The Future of the Chemical Industry in the 4th Industrial Revolution
The 4th Industrial Revolution, otherwise called Industry 4.0, cannot become a reality without the chemical industry considering that the sophisticated gadgets that carry the binary codes in the Digital Age all rely on this industry one way or another.
The parts and casings required for manufacturing robots, computers, smartphones, fibre cables, and virtually every other tech-component needed to take the Digital Age from wishes and plans into the real world all come from one form of chemical process or another.
In effect, the chemical industry is a major player in the 4IR.
Some of the advanced materials developed from chemical molecules and processes form the bulk of raw materials needed for drones, wearable devices, and electric vehicles. These materials are now, on their own, a billion-dollar industry.
For instance, the flexible display market (comprising TV, Virtual Reality, and wearable devices) made from barrier films, transparent conductors, and other related materials, is projected to be worth as much as $18 billion.
Similarly, the drone market which relies on high-grade plastics, composites and battery technology for its manufacture, is projected to be worth $14.9 billion in 2020.
The story is the same with integrated circuits and boards, smartphones and tablets, as well as 5G technology, among others.
These sub-industries all require various – and enormous volumes of – chemical products like substrate, yield enhancers, dielectrics, photoresists, ultra-pure glasses colloidal silica, and more complex chemical products in the manufacturing process.
The market is vast, and the opportunities are endless!
What does the future of the chemical industry hold for South Africa?
South Africa is, unquestionably, the largest producer of chemical products on the African continent and has a large share of the market – barring competition from China, a cheaper source of chemical products.
In any case, the rapid changes occasioned by the 4th Industrial Revolution has exposed the underbelly of the South African chemical industry, a significant threat that can be turned into opportunities if appropriately harnessed.
It has become evident, then, that unless the industry strategically positions itself and innovate accordingly, the rapid digital transformation unfolding at the moment will result in an immense shift in the chemical market that will see South Africa struggling at the losing end.
It is no coincidence that among the top 12 countries producing and exporting the most quantities of chemical products to the rest of the world, nine belong to the G-20 group of nations and six of these nine possess nuclear capabilities.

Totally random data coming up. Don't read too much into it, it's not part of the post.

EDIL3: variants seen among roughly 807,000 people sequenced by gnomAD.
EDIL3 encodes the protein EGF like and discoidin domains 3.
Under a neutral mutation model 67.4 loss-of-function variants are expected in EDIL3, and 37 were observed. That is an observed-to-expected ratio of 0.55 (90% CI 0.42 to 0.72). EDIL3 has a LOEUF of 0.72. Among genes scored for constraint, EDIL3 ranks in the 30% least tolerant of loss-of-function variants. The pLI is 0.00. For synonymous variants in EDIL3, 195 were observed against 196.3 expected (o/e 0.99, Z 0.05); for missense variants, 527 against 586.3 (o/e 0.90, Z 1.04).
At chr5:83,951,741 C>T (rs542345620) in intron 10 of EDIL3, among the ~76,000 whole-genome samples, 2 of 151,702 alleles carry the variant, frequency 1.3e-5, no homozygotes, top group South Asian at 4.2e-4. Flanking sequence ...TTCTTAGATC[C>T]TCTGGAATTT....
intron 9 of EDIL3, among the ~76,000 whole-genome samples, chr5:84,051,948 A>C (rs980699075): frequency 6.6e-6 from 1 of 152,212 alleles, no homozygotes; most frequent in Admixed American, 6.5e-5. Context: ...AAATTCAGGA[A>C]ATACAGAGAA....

The verdict is clear; to be a top chemical producer and exporter, South Africa must invest more in science and technology, ramp up its industrial development initiatives, and push more capital into the local chemical industry.
Furthermore, the prohibitive cost of accessing and benefiting from the full value the internet offers is a notable setback in South Africa.
Advanced digital technologies such as machine learning, big data analytics, virtual reality-enabled automation and robotics, as well as the Industrial Internet of Things all depend on super-fast and affordable internet access – conditions that are not yet in place.
Another big challenge is the departure of skilled hands from the country.
This massive emigration has led to brain-drain, a situation where the country’s best and brightest chemical engineers (as well as related skilled talents) emigrate to seek greener pastures.
This mass-exodus of highly skilled people can easily be traced to unfavourable labour laws, high cost of utilities, job insecurity, and high taxation – all of which the government can quickly solve if/when they decide to intervene actively.
The government can also intervene to restrict chemical products importation by tightening some laws and regulations. It will not be a bad idea if the government reduces the tax burden of chemical-producing companies considering the impact their survival has on the economy – and jobs.
Ultimately, the rot and corruption in (the tender and contract procedures in) South Africa’s chemical industry must be eliminated quickly too.
It’s not all doom and gloom, though; with the arrival of the 4th Industrial Revolution comes many opportunities for players in South Africa’s chemical industry.